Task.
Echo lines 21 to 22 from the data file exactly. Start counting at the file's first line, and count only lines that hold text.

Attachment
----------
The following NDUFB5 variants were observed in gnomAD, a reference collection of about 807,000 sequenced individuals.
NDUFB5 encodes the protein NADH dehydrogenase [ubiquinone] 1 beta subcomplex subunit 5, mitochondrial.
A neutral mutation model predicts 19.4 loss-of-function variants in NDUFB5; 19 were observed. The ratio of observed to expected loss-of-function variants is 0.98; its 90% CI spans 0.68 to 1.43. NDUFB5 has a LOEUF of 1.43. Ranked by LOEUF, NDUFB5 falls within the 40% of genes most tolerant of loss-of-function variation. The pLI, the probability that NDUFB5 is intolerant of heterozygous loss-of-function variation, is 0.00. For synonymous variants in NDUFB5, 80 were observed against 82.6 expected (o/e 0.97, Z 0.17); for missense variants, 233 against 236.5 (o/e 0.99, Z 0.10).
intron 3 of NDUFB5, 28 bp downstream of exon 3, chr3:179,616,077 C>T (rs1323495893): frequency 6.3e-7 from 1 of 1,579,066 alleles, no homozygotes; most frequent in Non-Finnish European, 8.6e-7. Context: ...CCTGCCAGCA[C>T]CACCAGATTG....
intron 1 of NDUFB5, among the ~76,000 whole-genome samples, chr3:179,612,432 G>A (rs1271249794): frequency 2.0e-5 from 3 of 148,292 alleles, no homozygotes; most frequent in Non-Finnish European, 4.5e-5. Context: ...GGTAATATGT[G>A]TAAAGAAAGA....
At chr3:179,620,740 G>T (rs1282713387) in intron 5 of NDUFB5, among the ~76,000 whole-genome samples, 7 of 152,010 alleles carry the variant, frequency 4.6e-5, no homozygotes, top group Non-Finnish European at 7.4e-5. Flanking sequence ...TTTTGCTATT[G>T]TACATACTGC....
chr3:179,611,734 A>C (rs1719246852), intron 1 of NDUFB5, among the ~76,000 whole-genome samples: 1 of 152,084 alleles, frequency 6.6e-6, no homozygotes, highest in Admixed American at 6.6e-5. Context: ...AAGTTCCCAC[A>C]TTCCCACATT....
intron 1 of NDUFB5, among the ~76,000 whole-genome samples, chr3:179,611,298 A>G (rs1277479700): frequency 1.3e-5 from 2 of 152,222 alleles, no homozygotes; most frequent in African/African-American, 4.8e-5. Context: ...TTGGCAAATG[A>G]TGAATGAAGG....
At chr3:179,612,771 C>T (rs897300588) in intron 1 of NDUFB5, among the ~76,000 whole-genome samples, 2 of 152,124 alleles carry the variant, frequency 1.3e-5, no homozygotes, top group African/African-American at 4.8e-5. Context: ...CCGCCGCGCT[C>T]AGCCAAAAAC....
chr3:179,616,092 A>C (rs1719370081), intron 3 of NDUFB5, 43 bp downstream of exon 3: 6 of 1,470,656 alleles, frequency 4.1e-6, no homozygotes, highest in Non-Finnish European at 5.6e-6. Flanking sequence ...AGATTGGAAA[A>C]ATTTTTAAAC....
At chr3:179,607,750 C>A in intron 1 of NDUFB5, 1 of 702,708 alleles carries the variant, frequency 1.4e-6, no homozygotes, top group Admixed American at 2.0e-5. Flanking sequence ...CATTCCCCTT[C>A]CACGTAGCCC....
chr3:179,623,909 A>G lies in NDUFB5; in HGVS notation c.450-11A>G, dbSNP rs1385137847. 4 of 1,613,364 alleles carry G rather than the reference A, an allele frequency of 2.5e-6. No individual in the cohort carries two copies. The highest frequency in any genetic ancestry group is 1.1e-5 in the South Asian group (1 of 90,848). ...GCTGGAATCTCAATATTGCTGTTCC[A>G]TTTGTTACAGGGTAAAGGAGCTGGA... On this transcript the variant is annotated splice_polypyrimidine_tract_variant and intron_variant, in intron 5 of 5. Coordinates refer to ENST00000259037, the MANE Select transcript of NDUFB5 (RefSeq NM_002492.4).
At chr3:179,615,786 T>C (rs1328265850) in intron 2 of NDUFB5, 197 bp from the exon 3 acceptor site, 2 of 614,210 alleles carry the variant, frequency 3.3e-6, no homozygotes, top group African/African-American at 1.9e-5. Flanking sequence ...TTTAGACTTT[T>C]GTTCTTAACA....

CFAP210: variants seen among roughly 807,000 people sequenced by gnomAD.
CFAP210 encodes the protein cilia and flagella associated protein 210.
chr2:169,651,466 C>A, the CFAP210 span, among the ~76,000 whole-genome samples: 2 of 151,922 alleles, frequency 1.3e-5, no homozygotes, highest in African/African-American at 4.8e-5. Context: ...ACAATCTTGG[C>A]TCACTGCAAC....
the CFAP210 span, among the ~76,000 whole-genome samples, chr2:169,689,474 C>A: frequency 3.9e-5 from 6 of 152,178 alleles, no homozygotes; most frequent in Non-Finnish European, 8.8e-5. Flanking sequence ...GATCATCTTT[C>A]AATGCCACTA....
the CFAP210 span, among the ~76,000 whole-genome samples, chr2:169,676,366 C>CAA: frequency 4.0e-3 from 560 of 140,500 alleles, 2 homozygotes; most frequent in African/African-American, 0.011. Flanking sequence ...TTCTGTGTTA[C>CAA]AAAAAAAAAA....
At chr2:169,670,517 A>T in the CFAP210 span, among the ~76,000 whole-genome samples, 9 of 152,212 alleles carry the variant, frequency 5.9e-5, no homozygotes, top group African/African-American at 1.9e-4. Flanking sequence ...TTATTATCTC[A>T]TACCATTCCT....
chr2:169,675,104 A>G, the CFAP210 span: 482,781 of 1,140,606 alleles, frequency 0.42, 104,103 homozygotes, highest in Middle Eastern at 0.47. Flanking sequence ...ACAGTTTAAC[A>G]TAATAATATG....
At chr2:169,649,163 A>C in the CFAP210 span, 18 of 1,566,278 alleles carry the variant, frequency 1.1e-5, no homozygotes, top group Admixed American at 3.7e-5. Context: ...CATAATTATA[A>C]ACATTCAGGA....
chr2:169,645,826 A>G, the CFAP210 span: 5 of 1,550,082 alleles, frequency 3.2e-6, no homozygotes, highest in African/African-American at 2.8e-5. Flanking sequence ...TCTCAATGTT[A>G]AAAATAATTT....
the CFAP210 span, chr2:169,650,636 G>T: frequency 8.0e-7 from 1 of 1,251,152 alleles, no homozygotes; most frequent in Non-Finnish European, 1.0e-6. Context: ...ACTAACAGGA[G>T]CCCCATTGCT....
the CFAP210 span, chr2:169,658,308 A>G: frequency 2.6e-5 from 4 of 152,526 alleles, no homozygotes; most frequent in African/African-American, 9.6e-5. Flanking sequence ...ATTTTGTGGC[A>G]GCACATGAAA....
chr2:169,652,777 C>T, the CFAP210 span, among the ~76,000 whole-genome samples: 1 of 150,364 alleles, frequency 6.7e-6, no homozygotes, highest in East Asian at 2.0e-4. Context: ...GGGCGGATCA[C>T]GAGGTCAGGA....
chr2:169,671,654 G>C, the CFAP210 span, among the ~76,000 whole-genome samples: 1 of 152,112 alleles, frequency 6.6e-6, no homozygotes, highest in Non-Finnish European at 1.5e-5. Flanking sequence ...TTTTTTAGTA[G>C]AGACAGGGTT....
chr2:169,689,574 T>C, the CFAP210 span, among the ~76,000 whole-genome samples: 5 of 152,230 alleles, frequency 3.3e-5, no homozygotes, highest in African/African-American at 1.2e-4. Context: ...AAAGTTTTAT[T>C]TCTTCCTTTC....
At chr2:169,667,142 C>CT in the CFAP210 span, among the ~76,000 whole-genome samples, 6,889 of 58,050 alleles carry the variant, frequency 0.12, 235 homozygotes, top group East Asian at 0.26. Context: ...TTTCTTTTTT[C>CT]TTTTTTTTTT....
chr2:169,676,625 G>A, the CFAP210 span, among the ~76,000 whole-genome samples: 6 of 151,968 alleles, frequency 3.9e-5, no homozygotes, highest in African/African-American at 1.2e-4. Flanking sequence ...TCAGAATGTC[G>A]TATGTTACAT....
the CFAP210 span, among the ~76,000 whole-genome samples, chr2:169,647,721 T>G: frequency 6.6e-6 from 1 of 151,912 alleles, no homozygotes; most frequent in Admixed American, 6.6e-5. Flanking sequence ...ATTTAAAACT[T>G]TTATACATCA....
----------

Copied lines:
At chr2:169,649,163 A>C in the CFAP210 span, 18 of 1,566,278 alleles carry the variant, frequency 1.1e-5, no homozygotes, top group Admixed American at 3.7e-5. Context: ...CATAATTATA[A>C]ACATTCAGGA....
chr2:169,645,826 A>G, the CFAP210 span: 5 of 1,550,082 alleles, frequency 3.2e-6, no homozygotes, highest in African/African-American at 2.8e-5. Flanking sequence ...TCTCAATGTT[A>G]AAAATAATTT....